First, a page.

As of April 14 morning, the situation in much of Bangkok is calm. There is virtually no traffic on the road anyway due to the Thai New Year holiday. Most of the city still looks like a ghost town. Public transport by the subway and the overhead skytrain is by far the best way of getting around. Many tourists have left the city, and there has been a visible decline in the number of new incoming visitors. But the red-shirts are a spent force and by April 15 morning, it’s all expected to be business as usual…
As of April 14 morning, the situation in much of Bangkok is calm. There is virtually no traffic on the road anyway due to the Thai New Year holiday. Most of the city still looks like a ghost town. Public transport by the subway and the overhead skytrain is by far the best way of getting around. Many tourists have left the city, and there has been a visible decline in the number of new incoming visitors. But the red-shirts are a spent force and by April 15 morning, it’s all expected to be business as usual.
Thousands of protesters who had amassed for days outside the government headquarters in Bangkok dispersed Tuesday after a top leader called on them to suspend their rallies until after the Thai New Year celebrations. Soon after the leader, Veera Muksikapong, made his announcement, protesters left by foot or on motorcycles from the area around the Government House.
Two people died Monday during a fight between anti-government protesters and Bangkok residents, Prime Minister Abhisit Vejjajiva said in a televised address. Earlier, former Prime Minister Thaksin Shinawatra, whose supporters have engaged in escalating clashes with Thai police, reiterated Monday that he is willing to return to his country but would not say when.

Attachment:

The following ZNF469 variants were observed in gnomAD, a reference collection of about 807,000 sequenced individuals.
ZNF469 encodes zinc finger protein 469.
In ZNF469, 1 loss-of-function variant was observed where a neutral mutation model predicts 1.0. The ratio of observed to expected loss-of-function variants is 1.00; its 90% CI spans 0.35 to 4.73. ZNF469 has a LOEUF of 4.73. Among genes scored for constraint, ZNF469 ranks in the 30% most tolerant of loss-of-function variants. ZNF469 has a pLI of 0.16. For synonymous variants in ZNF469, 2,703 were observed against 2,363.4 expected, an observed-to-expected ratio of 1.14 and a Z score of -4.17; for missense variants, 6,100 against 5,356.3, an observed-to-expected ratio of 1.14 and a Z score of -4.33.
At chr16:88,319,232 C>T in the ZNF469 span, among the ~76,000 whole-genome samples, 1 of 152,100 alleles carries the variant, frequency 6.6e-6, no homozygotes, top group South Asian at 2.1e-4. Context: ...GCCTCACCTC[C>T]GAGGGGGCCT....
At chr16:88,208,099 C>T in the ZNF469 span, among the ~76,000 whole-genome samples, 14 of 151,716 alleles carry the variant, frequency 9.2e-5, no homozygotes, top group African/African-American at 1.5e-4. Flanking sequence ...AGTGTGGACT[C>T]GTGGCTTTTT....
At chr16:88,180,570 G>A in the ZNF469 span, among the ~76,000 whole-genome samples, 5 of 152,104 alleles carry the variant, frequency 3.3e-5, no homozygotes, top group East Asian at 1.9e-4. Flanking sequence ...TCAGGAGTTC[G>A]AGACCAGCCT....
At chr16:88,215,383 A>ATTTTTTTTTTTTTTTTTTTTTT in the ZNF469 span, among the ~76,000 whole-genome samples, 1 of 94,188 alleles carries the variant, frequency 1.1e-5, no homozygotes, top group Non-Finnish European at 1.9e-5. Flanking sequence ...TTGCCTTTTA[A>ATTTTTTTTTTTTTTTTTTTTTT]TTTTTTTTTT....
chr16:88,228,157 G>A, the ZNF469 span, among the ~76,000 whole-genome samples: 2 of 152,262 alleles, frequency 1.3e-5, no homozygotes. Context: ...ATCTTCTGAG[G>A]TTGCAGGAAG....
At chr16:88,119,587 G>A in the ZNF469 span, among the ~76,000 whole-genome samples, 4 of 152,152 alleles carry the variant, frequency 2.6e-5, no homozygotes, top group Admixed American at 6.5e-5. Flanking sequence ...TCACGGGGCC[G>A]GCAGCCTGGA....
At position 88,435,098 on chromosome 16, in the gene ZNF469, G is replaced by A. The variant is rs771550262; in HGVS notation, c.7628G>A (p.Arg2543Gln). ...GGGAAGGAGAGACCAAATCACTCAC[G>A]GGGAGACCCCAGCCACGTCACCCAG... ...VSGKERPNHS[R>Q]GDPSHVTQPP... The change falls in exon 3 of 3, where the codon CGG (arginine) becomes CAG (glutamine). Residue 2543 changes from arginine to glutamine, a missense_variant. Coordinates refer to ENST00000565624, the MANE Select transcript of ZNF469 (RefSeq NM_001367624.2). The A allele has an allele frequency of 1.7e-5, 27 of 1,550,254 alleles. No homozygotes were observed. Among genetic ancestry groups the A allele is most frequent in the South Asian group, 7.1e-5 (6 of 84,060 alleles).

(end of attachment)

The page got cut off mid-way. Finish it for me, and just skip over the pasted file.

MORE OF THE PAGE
"Well, you know I am ready to go when the time is right," Thaksin told CNN. "But now, I like to see peaceful protests by the demonstrators. Actually, you know, they are all innocent people. They come with bare hands; they are asking for true democracy and justice. But they got back undemocratic ways with a lot of brutal suppression."
Thaksin would not say when he might return. Earlier, he had asked his supporters to "come out for a revolution," saying he would lead them in a march to the capital if necessary. He fled Bangkok last year while facing trial on corruption charges. Thaksin spoke to CNN as clashes between protesters and police intensified Monday, the beginning of the Thai New Year. The army fired a volley of shots at the anti-government protesters, who are demanding that the current prime minister step down. It was not immediately known whether the troops fired rubber bullets or live gunshots. Demonstrators commandeered at least two buses, rigged the steering wheels and sent them toward police officers, who fired at the vehicles in response. Other buses were seen burning. Video Watch more about the situation on the streets.
Earlier in the day, protesters hurled gasoline bombs, blocked intersections and set fires in many parts of Bangkok, the capital. Scores of riot police descended on the streets.
The Thai New Year, or Songkran, began Monday and is traditionally a multi-day celebration in the country. People roam the streets, drenching one another and passers-by with water guns or containers of water. This year, however, thousands of "red shirt" protesters – so named for their clothing – have rallied for days, saying that Abhisit’s 4-month-old government is not democratically elected and that he should call new elections. The demonstrators have given the prime minister repeated deadlines to resign, but those have come and gone.
On Sunday, Abhisit declared a state of emergency in Bangkok and surrounding areas after the protesters forced the postponement of a summit of Asian leaders in the southern coastal city of Pattaya, embarrassing the government.